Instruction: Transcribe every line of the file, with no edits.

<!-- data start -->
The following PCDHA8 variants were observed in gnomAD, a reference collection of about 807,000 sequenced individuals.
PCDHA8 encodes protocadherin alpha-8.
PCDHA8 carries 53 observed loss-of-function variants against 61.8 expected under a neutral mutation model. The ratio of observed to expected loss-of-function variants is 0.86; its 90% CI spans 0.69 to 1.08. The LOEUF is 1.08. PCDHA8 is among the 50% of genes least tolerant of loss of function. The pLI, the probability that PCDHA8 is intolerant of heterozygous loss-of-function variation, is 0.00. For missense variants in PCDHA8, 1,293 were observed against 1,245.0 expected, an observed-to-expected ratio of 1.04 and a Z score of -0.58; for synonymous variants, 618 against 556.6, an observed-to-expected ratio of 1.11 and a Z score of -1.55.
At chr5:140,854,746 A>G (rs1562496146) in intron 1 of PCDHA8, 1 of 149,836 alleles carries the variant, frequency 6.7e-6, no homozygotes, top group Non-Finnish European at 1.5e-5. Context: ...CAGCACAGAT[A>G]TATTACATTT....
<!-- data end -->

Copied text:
The following PCDHA8 variants were observed in gnomAD, a reference collection of about 807,000 sequenced individuals.
PCDHA8 encodes protocadherin alpha-8.
PCDHA8 carries 53 observed loss-of-function variants against 61.8 expected under a neutral mutation model. The ratio of observed to expected loss-of-function variants is 0.86; its 90% CI spans 0.69 to 1.08. The LOEUF is 1.08. PCDHA8 is among the 50% of genes least tolerant of loss of function. The pLI, the probability that PCDHA8 is intolerant of heterozygous loss-of-function variation, is 0.00. For missense variants in PCDHA8, 1,293 were observed against 1,245.0 expected, an observed-to-expected ratio of 1.04 and a Z score of -0.58; for synonymous variants, 618 against 556.6, an observed-to-expected ratio of 1.11 and a Z score of -1.55.
At chr5:140,854,746 A>G (rs1562496146) in intron 1 of PCDHA8, 1 of 149,836 alleles carries the variant, frequency 6.7e-6, no homozygotes, top group Non-Finnish European at 1.5e-5. Context: ...CAGCACAGAT[A>G]TATTACATTT....